AQF Level 9 - Masters Level
Review the type, quality and appropriateness of the research - critique the literature review, research purpose, methodology, data collection, data analysis, findings and conclusions
Critically review a published research article in education
Wordle from Wikipedia page on 'research'
Reflecting upon the use of the SAMR
Using The SAMR Model
Learners:
Students completing a Masters of Education by distance
Rationale:
The use of google docs is a
direct substitute for the process
of writing the document in word, printing, then posting the completed work. It doesn't change the task, just the tool used.
Rationale:
The use of EndNote is a substitute for collating resources and referencing by hand. It
provides additional functionality
and value but
task remains the same
Rationale:
This
changes the task significantly
but keeps the focus relatively similar.
New goals
related to oral communication, utilsation of digital media and peer-sharing can be achieved.
Rationale:
There are
new goals
- the development of a new open-resource, student communication, collaboration and peer feedback.
Task is redesigned
and made possible by new technologies
Tasks are completed
individually
Subject delivered
by distance
Students have access to resources on a
LMS
including recorded lectures
Synchronous tutorials
with external students are recorded and made available
Assessments are
printed and posted
for submission
Five Types of Learning Activity
The SAMR Model:
Converting a Learning Experience

Context
for the SAMR Model
The SAMR Model
explained
Technology
&
digital pedagogy
Applying the SAMR Model -
an example
:
The learning activity
Going through the stages
Reviewing the application
Other considerations in
adopting technology
References
SAMR
Resources

Video of Dr Puentedura's presentation in Al Ain at the First Annual Global Mobile Learning Congress 2012 'Transforming Learning Through Technology: Goals and Models'
Goals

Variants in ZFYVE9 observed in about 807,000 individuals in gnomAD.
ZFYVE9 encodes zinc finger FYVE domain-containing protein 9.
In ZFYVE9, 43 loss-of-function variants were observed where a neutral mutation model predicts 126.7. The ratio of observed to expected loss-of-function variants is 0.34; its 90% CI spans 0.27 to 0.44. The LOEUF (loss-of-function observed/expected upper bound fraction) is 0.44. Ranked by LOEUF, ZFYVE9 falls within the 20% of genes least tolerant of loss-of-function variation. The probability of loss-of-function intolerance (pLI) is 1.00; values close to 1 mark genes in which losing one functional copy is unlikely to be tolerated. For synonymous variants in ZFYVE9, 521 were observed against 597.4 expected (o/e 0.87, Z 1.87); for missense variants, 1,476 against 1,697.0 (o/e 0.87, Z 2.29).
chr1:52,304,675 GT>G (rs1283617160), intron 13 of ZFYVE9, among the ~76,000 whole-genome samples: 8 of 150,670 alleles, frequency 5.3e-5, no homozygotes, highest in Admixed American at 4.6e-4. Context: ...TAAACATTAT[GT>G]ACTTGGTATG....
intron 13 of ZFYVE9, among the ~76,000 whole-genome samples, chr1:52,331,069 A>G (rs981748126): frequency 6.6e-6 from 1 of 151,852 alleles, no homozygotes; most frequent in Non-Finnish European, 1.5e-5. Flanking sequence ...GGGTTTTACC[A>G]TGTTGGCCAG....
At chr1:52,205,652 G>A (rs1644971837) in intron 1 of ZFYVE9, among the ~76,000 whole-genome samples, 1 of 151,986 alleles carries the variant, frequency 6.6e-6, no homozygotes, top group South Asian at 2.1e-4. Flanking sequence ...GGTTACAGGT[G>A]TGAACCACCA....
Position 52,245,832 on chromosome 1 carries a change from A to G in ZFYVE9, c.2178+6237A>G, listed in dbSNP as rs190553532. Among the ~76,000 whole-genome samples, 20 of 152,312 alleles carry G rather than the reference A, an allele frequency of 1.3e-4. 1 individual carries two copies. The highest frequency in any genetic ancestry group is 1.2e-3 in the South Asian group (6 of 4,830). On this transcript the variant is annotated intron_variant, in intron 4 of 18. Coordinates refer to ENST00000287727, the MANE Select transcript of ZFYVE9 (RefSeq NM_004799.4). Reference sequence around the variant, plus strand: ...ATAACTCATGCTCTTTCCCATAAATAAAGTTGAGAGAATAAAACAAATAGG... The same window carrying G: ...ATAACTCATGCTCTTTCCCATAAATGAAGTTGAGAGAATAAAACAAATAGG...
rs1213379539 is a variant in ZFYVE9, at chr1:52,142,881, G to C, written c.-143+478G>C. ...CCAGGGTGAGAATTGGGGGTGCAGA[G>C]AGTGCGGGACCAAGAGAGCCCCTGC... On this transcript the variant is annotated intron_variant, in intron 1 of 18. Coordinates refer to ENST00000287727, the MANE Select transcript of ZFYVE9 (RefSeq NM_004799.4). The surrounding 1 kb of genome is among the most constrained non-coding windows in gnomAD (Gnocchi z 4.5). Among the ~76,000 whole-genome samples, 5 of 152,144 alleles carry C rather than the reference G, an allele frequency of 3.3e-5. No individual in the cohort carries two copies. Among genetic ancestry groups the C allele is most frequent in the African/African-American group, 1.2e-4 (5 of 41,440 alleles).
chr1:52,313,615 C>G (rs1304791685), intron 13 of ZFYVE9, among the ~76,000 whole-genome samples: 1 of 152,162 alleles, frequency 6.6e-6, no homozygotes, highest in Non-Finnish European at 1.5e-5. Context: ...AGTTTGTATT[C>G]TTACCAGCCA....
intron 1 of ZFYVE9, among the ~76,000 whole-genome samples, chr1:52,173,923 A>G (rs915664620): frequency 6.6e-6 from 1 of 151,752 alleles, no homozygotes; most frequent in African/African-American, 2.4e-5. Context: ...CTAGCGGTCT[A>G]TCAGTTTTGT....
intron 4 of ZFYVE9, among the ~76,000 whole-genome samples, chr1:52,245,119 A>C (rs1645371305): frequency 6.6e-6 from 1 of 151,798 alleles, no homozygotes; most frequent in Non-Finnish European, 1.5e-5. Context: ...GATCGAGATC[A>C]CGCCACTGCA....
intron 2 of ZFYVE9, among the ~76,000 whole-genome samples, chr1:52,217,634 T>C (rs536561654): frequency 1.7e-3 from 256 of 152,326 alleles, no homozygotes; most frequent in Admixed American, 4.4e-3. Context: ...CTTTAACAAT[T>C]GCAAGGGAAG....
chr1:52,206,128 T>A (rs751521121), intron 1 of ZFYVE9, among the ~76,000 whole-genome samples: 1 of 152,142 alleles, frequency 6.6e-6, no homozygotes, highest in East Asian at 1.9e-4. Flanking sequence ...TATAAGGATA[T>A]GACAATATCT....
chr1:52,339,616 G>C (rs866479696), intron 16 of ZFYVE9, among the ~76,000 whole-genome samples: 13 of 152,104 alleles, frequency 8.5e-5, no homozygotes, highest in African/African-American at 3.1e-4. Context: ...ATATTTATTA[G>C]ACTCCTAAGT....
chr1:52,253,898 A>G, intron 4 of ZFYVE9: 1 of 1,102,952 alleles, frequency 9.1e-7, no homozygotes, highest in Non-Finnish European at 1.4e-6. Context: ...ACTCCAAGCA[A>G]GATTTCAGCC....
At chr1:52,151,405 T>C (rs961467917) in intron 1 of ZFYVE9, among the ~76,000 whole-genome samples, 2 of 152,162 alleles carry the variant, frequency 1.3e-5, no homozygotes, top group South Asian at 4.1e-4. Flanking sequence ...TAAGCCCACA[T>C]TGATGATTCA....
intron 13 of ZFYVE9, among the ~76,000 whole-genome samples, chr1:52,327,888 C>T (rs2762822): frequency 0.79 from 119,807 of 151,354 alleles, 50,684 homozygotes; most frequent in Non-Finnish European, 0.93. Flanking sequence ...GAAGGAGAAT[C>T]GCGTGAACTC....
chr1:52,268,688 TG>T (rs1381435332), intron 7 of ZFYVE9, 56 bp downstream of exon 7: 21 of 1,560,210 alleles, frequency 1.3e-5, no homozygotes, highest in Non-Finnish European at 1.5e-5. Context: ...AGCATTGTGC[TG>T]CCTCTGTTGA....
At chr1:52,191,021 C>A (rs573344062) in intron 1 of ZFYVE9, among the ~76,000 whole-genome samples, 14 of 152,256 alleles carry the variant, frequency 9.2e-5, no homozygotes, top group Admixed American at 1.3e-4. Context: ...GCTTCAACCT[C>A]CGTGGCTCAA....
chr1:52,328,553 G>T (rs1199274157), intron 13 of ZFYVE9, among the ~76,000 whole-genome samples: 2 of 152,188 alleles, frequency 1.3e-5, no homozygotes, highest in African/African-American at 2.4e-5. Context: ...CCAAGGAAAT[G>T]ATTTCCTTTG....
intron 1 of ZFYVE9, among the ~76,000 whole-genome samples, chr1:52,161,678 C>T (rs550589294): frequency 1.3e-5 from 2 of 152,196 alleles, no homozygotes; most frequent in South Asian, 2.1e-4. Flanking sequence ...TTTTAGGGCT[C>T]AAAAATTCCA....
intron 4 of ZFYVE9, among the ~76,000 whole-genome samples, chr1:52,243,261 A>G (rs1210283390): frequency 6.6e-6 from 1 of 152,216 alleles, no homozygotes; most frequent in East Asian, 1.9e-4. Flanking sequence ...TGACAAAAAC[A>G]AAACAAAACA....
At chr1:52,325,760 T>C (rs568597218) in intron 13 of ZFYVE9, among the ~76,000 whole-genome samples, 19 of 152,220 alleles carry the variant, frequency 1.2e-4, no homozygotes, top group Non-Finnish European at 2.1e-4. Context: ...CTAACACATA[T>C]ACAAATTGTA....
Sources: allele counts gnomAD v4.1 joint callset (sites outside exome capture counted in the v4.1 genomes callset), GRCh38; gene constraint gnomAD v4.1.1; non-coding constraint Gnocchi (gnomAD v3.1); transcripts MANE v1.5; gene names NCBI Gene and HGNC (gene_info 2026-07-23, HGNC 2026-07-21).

need to be deeply & profoundly ambitious
Focus
provides coherence across institutions & supports the maintenance of institutional knowledge

Models

provide structure & support to achieving goals

Technology
is what we have available; understanding what makes them different & special
(Puentedura 2012b)
(Puentedura 2012b, p. 2)
The Role of the SAMR Model
(Beetham & Sharpe 2013, p.114)
The TPACK Model
The SAMR Model
(Puentedura 2012b, p. 4)
Content
(Puentedura 2012a, slide 7)
Technology In Education: The First 200,000 Years
No improvement to student outcomes
Image from google earth
Digital Storytelling
Go Google: Google Drive
by Google
How To Use EndNote in 7 Minutes (Windows Version)
By EndNote Training
From
enhancement
to
transformation

Increasing
alignment with the AQF learning outcomes
as the levels of modification progress
There is greater utilisation of different
learning environments and tools
for distance students
Greater
connectivity and collaboration
with and between students
Greater capacity for
creativity and individuality
Whilst all levels offer improvement; we
should aim to achieve redefinition
over time
Image reproduced by permission of the publisher, © 2012 by tpack.org
(Mishra & Koehler 2006)
SAMR in 120 Seconds by Candace M (2013)
SAMR Model - Ruben Puentedura by Sarah Washam (2013)
Wordle from pp. 8-21 of Keppell, Suddaby & Hard (2011) Good Practice Report: Technology-enhanced learning and teaching, Sydney: Australian Learning and Teaching Council
Other Considerations
Discovery
Developing & sharing ideas
Solving problems, developing techniques
Collecting, gathering, recording, editing
Working with others
Creator of
SAMR Model
Founder Hippasus
Over 25 years relevant experience in a range of institutions
Currently exploring new directions in mobile computing, digital storytelling, learning analytics, & educational gaming

(Hippasus 2014)
Own image
Own image
Al Gore's 'Our Choice' - an iPad app (2011) by Jon Ross
Own image
Own image
Own image
Full transcript